Wednesday, 11 July 2012, 8:00PM – 9:00PM
“She was so small I realised she was the size of a spoon, so I put her in a spoon and took a picture…I had never seen a dog that small.”
Beth Di Caprio
With over 22 million pets between us, Britain is undoubtedly a nation of animal lovers. And for many, it seems the smaller the pet the better. As Super Tiny Animals returns for a second series, the cute factor is off the scale and seeing is believing!
In this two-part documentary series we take a look at some of the world’s most popular miniature pets and meet the people who love and pamper them. From tiny terriers to tea-cup cats and dinky horses, these miniature animals are guaranteed to melt even the steeliest of hearts.
Dressing up our little darlings is nothing new, but animal accessories are now enjoying record profits and in 2012 it’s estimated we’ll spend £30 million on them, in the UK alone. For some the lines between the patter of tiny feet and the patter of tiny paws are starting to blur. Twenty-seven-year-old Lynsey from Kent lives with her ‘baby’ Rocky, a tiny chihuahua, who gets star treatment as he is pushed round town in his very own buggy.
Rocky has been named Britain’s Best Dressed Dog and Lynsey admits: “I was recently asked how much I’ve spent on Rocky so I tallied it up and it was just below the £3000 mark. Yes, I know that’s crazy but Rocky’s worth every penny.”
Lynsey’s affections for Rocky run so deep that she even shares her bed with him: “I know some people are like, ‘Urgh, you let a dog sleep in your bed’ but look at him, he’s not a normal dog.”
Across the pond, in New York, a growing social scene centred on super tiny pets has emerged and at its heart are the Doggie Moms. Erika, Ashley, Karen, Grace and Leslie are taking New York City by storm with their new reality show about the hectic social lives they enjoy with their super tiny pets, who prove that small dogs have become the new way to network in the Big Apple. Their devotion includes reading bedtime stories to their pooches but what else makes a Doggie Mom?
Karen says: “A Doggie Mom is somebody who treats their dog just like a child.”
Leslie explains: “When I’m talking about her with other people, I mistakenly call her my daughter. I think that’s ok.”
Last year, Louie the micro pig hit the headlines as Britain’s first performing pig. His owner and trainer, Sue Williams is co-director of a dog display team and two years ago she came up with the idea of training her miniature pig to see if her methods could work with animals who aren’t pre-programmed to please their owners. Louie soon became one of the display team.
Sue says: “When I go to the shows and the pigs come out, normally I get a double take. Once the pig starts to do things, people really start to realise the importance of this training and how successful you can be if you do it in the right way. They think, ‘If the pig comes running when she calls it, then my dog should come running when I call it too.’”
Some super tiny animals don’t just perform for fun. Over in Jacksonville, Florida we meet six-year-old miniature horse, Princess Confetti, who acts as a ‘guide horse’ for her owner Cheryl, one of only four working guide horses in the world. Cheryl says: “Confetti is trained to do almost everything a guide dog is trained to do. It’s very important for Confetti to be small in stature as she has to navigate me through doorways and crowded places, so small is best.”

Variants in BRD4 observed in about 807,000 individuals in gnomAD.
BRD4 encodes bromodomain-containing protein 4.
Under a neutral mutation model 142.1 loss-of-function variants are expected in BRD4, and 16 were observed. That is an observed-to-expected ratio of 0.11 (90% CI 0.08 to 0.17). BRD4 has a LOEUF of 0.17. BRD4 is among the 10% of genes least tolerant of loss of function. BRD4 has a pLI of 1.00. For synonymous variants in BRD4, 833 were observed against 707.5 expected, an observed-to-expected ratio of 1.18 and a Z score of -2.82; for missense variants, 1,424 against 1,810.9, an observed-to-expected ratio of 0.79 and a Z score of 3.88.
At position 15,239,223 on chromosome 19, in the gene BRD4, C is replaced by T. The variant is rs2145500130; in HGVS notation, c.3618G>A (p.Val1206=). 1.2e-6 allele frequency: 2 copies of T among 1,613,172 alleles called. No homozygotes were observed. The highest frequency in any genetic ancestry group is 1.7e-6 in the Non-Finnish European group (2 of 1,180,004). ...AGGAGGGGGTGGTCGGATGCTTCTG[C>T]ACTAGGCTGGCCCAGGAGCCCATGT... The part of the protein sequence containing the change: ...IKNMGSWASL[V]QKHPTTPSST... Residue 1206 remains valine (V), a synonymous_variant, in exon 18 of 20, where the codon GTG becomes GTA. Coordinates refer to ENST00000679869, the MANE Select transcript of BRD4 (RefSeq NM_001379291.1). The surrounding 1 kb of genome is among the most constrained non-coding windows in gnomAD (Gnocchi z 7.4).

Cheryl originally chose her because guide horses live longer than guide dogs. But she didn’t realise how Confetti would help her deal with her disability, by helping other people deal with it too. She explains: “It’s a very rewarding experience because people see the horse and they don’t see my disability. And it’s a very freeing experience. I actually forget she’s a horse until somebody says, ‘Look at the pony’. She is part of our family.”
Other miniature animals keen to have their moment in the spotlight include Ratatouille the snowboarding opossum and Truffles, the long-jumping guinea pig who broke the world record with an impressive 20.5cm leap.
Committed to her love of all things tiny, is 19-year-old Kayleigh who lives in a suburban semi in Oxford with her parents and a super tiny zoo of approximately 100 pets, many of which are rescue animals, including the unusual baby sugar gliders, native to Australia and one of the smallest marsupials in the world. Kayleigh says “Not many people can hug a meerkat whenever they want to or have a sugar glider flying around the room, so I am very lucky.”
Not to be outdone by their tiny counterparts, we meet some of the largest animals at the other end of the super tiny scale including Darius, the largest bunny in the world and his owner Annette Edwards, who also holds the claim to fame as the oldest page 3 model. Darius measures a massive 4 foot 4 inches and regularly travels from his home in the Cotswolds to make public appearances. Annette says “As pets, giant rabbits are a bit special. They’re cuddly, really nice animals”.
We also follow the heart-warming story of mini miracle Beyonce, the world’s smallest puppy born at a rescue centre in North Carolina in March 2012, weighing just one ounce. Beyonce was never expected to survive but against all the odds she was born with a heartbeat and nursed to health by Beth Di Caprio at the centre. Pictures taken of Beyonce made her an overnight internet sensation and were used in a campaign to help rehome other dogs. Beth explains: “We get many stories about people who have been inspired to go out and rescue a dog…a pretty incredible legacy that she’s created already.”